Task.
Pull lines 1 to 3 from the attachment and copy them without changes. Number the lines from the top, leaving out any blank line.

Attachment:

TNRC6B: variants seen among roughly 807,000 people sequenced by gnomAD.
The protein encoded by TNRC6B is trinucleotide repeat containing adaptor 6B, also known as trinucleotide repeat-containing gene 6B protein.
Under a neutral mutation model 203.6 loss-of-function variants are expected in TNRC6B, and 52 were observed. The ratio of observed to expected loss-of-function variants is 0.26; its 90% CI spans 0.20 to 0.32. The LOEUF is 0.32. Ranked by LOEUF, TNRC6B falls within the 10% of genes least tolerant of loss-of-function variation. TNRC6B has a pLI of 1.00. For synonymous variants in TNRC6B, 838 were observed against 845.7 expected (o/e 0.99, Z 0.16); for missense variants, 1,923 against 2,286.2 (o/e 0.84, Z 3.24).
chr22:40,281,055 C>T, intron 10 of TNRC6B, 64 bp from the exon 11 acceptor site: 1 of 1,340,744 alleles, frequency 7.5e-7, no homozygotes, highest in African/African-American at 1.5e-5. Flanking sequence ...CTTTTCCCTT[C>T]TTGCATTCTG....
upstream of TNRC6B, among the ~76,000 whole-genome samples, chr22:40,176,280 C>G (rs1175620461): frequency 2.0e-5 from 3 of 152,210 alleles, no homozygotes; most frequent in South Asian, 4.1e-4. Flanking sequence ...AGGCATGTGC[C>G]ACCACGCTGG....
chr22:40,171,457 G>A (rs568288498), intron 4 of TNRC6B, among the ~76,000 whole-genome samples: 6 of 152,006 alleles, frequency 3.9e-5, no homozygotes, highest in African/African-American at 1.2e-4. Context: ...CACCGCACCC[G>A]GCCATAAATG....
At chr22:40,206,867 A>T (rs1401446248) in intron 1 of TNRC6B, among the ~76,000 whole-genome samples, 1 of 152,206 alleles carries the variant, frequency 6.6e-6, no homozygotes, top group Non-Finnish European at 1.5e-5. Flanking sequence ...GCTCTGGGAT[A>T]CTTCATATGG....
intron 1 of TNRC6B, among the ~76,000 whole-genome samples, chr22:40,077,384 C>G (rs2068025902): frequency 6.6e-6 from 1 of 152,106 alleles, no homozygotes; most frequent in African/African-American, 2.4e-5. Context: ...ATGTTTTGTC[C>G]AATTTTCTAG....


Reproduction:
TNRC6B: variants seen among roughly 807,000 people sequenced by gnomAD.
The protein encoded by TNRC6B is trinucleotide repeat containing adaptor 6B, also known as trinucleotide repeat-containing gene 6B protein.
Under a neutral mutation model 203.6 loss-of-function variants are expected in TNRC6B, and 52 were observed. The ratio of observed to expected loss-of-function variants is 0.26; its 90% CI spans 0.20 to 0.32. The LOEUF is 0.32. Ranked by LOEUF, TNRC6B falls within the 10% of genes least tolerant of loss-of-function variation. TNRC6B has a pLI of 1.00. For synonymous variants in TNRC6B, 838 were observed against 845.7 expected (o/e 0.99, Z 0.16); for missense variants, 1,923 against 2,286.2 (o/e 0.84, Z 3.24).